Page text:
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Posted 21.08.17

Material culture & colonialism: Mohini Chandra develops ‘Paradise Lost’ in Paris residency

By Sarah Packer

During August, Dr Mohini Chandra, artist and Programme Leader on our BA (Hons) Photography degree, is undertaking an Australia Council residency at the Cite Internationale des Artes, a museum, cultural centre, and a place for research and teaching in Paris.

The project, which has been supported by Plymouth College of Art’s research committee, will see Mohini researching the photographic and material collections of the musée du quai Branly and developing new studio work.

“Having undertaken work in India and Fiji recently, the Paris residency presents a unique opportunity to develop my project ‘Paradise Lost’ in allowing me to incorporate colonial histories around visual and material culture.

"It is perhaps only now that people such as myself - with origins in ‘colonised’ parts of the world - can have access to and begin re-interpreting such collections, in partnerships with museums themselves."

“I am exploring the considerable ethnographic collections of the musée du quai Branly which includes over 1700 items of material culture, printed matter and photography from the Pacific/Oceania (and further extensive collections from Asia).

“In exploring European mythology around paradisiacal and other complex cultural notions of the Pacific, I felt that it was critical that this work be undertaken in a significant archive based in Europe.

“Exploring the different ways that both indigenous and migrant communities have been imaged within museum collections and archives serve as a counterpoint to my work on the visibility and performativity of photography, self-imaging and storytelling within the everyday and domestic sphere.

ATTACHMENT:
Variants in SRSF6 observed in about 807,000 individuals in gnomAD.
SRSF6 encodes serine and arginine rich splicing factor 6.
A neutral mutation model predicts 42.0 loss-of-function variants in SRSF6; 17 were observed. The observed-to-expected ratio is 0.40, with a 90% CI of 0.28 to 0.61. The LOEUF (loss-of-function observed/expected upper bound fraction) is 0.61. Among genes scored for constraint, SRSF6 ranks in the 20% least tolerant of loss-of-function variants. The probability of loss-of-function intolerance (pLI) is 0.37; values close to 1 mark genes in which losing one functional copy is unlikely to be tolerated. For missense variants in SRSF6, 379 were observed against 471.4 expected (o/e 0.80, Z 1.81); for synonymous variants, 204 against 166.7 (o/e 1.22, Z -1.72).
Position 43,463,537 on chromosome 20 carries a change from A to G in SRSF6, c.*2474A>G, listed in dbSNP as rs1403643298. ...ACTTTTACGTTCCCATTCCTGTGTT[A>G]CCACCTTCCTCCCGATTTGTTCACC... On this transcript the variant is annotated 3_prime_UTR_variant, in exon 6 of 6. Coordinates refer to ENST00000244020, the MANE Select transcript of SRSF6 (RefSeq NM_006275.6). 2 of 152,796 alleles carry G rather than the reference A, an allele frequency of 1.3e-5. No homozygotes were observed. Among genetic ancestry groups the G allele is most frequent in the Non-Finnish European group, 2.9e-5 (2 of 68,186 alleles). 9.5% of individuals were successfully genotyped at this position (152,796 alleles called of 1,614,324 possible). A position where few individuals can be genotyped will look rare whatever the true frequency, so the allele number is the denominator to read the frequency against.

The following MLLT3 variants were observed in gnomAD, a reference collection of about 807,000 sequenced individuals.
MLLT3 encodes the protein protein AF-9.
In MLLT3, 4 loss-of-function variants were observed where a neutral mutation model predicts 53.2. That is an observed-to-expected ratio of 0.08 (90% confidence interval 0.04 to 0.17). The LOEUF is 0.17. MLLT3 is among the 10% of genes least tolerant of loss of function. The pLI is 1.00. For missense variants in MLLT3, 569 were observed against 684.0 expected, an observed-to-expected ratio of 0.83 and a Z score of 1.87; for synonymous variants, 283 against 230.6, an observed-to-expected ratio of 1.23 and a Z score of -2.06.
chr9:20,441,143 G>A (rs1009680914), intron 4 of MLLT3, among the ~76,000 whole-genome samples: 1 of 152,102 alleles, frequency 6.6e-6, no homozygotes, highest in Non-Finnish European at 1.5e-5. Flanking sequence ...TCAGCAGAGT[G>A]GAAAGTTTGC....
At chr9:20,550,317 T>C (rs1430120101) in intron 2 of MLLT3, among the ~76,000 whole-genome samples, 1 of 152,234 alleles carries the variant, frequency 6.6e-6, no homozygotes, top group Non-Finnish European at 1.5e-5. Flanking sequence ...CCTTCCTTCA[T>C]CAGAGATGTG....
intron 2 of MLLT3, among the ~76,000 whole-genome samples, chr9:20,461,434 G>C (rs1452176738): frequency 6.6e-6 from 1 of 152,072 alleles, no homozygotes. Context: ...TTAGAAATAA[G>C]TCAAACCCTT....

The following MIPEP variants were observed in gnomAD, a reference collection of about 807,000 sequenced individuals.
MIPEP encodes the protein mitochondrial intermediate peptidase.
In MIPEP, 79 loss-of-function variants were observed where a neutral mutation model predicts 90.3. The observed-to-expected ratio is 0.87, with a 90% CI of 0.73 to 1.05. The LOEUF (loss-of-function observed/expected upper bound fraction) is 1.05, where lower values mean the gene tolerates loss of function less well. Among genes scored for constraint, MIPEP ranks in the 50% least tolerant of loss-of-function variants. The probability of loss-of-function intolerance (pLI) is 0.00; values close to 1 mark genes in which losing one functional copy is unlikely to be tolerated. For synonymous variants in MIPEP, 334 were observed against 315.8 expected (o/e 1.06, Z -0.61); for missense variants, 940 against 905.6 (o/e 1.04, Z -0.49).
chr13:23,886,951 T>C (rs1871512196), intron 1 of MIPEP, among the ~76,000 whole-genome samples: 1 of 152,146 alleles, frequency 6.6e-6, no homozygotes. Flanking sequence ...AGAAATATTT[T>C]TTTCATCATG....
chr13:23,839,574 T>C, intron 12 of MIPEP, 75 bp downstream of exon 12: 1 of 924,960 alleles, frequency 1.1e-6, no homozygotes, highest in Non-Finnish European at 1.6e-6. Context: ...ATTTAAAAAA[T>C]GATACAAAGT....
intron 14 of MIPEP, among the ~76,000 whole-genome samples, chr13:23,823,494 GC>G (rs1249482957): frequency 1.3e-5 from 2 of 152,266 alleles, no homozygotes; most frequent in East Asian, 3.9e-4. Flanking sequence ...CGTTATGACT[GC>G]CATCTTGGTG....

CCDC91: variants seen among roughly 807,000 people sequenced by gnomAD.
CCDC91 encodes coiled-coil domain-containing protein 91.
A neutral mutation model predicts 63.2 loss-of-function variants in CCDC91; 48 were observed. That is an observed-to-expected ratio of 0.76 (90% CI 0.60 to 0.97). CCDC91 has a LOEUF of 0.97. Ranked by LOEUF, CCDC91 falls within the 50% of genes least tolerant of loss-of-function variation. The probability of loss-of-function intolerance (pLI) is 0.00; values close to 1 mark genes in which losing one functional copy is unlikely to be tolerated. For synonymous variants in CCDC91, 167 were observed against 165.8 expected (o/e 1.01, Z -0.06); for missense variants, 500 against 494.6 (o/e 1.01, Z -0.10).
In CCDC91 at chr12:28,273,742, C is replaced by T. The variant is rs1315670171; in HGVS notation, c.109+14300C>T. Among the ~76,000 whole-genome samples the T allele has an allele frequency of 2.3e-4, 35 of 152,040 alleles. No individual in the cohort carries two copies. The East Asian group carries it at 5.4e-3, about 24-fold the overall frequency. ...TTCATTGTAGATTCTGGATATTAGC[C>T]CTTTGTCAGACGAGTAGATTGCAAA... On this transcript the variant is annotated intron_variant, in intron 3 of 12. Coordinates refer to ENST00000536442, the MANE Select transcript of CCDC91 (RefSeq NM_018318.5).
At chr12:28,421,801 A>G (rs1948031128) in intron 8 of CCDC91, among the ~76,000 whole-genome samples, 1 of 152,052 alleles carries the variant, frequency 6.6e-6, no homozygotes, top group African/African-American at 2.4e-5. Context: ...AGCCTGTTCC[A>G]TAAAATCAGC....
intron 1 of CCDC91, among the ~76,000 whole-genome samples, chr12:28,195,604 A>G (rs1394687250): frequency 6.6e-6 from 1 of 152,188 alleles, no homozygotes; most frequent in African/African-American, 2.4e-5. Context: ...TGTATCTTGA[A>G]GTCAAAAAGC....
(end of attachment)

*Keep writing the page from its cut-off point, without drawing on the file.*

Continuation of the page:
“I am also looking for clues as to the nature of early cross-cultural interactions in the Asia-Pacific. Of particular interest to me is the colonial album, the ‘ethnographic’ photo-book and other forms of photographic publication and distribution (such as the picture postcard) in which tropes around racial difference emerge from the museum space into popular culture.

“As a newly established institution based on extensive historical collections, the musée du quai Branly combines enormous depth in terms of collecting and material culture with a notably contemporary and interpretive attitude towards their collections.

“It is perhaps only now that people such as myself - with origins in ‘colonised’ parts of the world - can have access to and begin re-interpreting such collections and their own histories, in partnerships with museums themselves."

Students at both Banaras Hindu University and Plymouth College of Art take part in a cultural photo exchange.

We encourage all of our staff and students to take up opportunities both in the UK and internationally. Through Mohini’s Asialink residency last October, our BA (Hons) Photography students undertook an exchange of work programme in May.

This saw the students Mohini had connected with at the Faculty of Visual Arts, Banaras Hindu University (BHU) in Varanasi engaging in an email dialogue with our students as well as through exhibitions in both the college and in India and a very successful skype symposia event.